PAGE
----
The price of crude oil rose above $140 a barrel this month. The world at large is getting used to high prices at the pump, and even the Indian government finally decided to let the Indian consumer have a taste of what is to come by marginally increasing the prices of petroleum products.
Various theories are being advanced for this unprecedented rise in the price of petroleum — from the machinations of speculators to the derived demand for energy due to the growth of economies such as China and India. The rise in global oil prices even provides a handy excuse to the Indian government for the recent double-digit inflation.
India urgently needs to develop. Energy and economic vitality are conjoined twins. Energy is the binding constraint that faces all of humanity, not just the developing economies. Of course, given the projected increase in demand and the decline in the supply of fossil fuel energy, the price of energy will continue to move up — with predictable adverse effects on the growth prospects of the emerging economies.
The advanced industrialized economies were lucky to have had their development fuelled by cheap fossil energy. Today’s developing economies have a much tougher challenge. It was a very short window of opportunity which opened just about 150 years ago and is likely to close in the next 40 years, by when the known reserves will be depleted at current levels of consumption.
All told, 200 years is a very brief interlude considering thousands of years of human civilization and hopefully hundreds of thousands of years yet to come. At some time in the distant future, they will look back and remark that the age of fossil fuel was a short inflection point, a point at which humanity passed through the bottleneck of dependency on oil from the ground. Before that point, humanity’s primary source of energy was the sun, and so it will be after that point.
All sources of energy — fire, coal, oil, nuclear — for human use have been the result of discovery and invention. Some entity somewhere invests what it takes for research and development, usually some corporation in search of profit, and invents the technology to exploit some new source of energy. All indications are that solar energy will be the major player in the next stage.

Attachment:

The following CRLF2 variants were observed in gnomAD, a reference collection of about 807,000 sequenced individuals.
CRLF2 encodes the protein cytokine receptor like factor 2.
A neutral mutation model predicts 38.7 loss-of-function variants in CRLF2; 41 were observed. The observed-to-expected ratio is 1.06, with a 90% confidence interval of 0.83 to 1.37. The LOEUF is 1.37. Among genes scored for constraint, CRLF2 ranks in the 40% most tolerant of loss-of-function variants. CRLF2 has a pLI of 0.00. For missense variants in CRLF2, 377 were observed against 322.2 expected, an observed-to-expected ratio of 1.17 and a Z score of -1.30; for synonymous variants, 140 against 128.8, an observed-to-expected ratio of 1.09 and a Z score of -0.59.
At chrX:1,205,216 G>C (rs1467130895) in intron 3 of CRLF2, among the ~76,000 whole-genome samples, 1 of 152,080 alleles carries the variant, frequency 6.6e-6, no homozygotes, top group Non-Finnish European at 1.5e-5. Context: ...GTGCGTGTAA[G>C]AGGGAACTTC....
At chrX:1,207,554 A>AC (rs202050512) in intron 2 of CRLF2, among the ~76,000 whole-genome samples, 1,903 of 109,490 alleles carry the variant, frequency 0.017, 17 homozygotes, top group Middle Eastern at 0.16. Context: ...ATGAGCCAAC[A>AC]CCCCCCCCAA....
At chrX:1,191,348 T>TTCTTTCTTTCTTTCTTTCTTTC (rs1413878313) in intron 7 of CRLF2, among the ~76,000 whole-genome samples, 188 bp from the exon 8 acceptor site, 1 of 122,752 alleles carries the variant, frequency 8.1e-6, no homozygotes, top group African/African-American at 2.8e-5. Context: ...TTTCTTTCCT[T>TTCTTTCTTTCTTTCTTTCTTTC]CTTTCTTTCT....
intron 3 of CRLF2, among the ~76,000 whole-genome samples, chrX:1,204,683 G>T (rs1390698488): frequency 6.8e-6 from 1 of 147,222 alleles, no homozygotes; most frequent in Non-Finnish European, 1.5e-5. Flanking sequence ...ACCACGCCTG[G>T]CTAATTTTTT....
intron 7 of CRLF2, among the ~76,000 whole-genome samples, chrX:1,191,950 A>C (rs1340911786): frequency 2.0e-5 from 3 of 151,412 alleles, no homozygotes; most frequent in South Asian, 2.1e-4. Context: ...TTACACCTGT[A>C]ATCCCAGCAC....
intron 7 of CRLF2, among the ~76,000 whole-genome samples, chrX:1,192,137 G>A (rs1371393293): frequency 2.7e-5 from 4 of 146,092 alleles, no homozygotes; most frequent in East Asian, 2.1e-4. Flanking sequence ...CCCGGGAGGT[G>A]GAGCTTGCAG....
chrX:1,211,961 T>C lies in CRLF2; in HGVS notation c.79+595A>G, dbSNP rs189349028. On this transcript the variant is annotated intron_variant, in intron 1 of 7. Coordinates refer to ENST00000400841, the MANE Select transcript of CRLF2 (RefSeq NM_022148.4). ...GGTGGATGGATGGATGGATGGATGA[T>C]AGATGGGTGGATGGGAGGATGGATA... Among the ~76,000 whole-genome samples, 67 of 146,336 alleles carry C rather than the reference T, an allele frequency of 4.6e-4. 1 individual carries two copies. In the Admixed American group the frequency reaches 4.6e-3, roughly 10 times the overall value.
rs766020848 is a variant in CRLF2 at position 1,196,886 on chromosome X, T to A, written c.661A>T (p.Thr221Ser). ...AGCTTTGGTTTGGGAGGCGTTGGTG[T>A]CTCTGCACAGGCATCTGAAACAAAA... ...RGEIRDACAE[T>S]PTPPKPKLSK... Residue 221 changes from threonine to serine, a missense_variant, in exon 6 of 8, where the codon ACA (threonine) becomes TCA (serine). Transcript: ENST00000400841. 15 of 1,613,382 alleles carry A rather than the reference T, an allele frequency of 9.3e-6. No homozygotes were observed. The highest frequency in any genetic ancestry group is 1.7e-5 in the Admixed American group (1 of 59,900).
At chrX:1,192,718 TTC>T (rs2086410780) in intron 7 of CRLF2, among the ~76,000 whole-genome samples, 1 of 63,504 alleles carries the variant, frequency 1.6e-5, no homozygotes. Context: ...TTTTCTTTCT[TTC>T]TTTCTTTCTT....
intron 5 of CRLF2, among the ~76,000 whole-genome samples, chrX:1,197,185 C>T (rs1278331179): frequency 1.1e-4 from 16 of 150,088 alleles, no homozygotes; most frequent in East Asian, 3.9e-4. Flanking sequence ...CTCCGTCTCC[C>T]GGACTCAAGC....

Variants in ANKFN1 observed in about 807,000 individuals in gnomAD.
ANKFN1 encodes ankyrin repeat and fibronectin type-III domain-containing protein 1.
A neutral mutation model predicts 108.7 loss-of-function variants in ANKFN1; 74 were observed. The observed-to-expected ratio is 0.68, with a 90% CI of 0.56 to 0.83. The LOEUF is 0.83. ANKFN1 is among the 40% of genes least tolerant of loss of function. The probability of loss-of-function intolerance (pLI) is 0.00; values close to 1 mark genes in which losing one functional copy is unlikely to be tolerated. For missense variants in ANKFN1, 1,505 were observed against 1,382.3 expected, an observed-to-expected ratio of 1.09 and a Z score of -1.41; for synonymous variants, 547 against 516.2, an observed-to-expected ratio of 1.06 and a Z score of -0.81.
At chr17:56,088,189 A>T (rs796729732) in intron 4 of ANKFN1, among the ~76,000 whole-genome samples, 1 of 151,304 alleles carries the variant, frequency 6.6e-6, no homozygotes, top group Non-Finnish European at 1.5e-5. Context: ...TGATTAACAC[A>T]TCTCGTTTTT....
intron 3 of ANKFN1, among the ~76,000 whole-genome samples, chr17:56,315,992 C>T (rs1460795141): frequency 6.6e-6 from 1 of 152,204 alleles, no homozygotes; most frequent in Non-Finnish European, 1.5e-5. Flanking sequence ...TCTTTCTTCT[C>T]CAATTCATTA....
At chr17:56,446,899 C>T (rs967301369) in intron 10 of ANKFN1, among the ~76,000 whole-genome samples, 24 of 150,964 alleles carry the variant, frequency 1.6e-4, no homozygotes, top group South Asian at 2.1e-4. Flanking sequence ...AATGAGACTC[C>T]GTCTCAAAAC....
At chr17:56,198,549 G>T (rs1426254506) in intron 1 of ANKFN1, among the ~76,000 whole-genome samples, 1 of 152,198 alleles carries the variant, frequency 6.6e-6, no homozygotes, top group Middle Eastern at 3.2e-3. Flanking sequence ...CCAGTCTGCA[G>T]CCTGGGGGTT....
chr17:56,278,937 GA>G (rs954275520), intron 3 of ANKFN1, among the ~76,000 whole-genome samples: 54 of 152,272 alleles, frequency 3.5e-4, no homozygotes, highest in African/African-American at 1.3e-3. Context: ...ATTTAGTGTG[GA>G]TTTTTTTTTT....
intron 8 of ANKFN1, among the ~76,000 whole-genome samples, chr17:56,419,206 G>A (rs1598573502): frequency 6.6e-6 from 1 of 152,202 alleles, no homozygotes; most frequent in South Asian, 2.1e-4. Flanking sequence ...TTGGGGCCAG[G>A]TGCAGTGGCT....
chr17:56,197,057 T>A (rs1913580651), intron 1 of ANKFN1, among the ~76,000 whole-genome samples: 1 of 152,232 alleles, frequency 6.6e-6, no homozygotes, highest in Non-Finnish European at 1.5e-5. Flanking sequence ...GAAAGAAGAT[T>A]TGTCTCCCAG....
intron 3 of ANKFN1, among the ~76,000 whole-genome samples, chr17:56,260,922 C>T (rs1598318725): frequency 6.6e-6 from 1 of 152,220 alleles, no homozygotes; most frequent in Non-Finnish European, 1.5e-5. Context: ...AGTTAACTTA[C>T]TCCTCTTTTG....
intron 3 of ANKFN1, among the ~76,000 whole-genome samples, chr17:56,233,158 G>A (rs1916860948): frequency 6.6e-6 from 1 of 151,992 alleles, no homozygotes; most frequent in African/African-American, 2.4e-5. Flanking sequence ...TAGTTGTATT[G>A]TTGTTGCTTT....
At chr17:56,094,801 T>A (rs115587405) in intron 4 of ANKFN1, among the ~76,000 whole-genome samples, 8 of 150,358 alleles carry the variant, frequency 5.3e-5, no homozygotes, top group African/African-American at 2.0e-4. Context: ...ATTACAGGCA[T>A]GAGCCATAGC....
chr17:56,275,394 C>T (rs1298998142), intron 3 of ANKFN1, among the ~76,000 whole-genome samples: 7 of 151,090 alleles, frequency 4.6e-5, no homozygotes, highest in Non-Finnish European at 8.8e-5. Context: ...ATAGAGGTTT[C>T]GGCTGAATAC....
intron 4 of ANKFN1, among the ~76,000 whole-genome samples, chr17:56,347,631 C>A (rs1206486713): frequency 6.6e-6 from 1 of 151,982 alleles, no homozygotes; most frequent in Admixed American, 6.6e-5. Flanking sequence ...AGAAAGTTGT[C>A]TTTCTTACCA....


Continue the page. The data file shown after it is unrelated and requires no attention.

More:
Solar energy is non-polluting, abundant, widespread and inexhaustible. India’s development, if it has to happen, will depend critically on whether it has the technology for converting the abundant incident sunlight — insolation — into usable energy. The question is whether India will develop that technology for domestic use as well as for export or, as it has done for all the previous technologies, wait for others to do so and then import it.
It is important to remember that governments do not develop technologies. They do not have a comparative advantage in the type of skills needed for invention and discovery. Which is not to say that governments have no role to play in the process. On the contrary, private players succeed or fail in developing technologies to a large degree on the conditions created by the government. Governments help by outlining the broad goal, assisting with funding, and encouraging competition among private players. Public policy creates the necessary conditions for private enterprise to deliver.
High oil prices can be reasonably expected to continue till the end of the age of oil. For prices to fall, either the supply has to increase or demand has to fall, or both. There are really no reasons for oil producers to increase the supply. Oil is an exhaustible resource whose optimal rate of extraction is dictated partly by revenue requirements of the producers. At current high prices, they meet that goal at low levels of production. If prices climb higher, paradoxically the supply may contract even further.
The road ahead is steep for India, made steeper by rising energy prices. But this is a blessing in disguise because it is a wake-up call. There is time to prepare for a post-peak oil future. Independence from foreign energy — whether oil or nuclear fuel — is not an option but an absolute must. That will only happen if India develops the technology for solar energy use in all its forms, such as concentrated solar thermal and solar photovoltaics.
Solar technology is at its infancy. Costs are constantly declining but it will be several years before it achieves “grid parity” — costs comparable with conventionally generated electricity. Costs have fallen by 20% for every doubling of installed capacity. Projections indicate that by 2020, installed solar capacity will be 20-40 multiples of current levels. Even then, solar electricity would account for only 3-6% of total electricity generation. Solar energy has a long and promising future. How quickly that potential is realized depends on national will.
India has a lot of advantages in this regard. It is a large country and can afford the human and financial capital required for the challenge. As John F. Kennedy had observed regarding the manned mission to the moon, we must do this not because it is easy but because it is hard. Challenges don’t come any harder. India needs the vision to face it and win.
Atanu Dey is chief economist of Netcore Solutions. Comment at firstname.lastname@example.org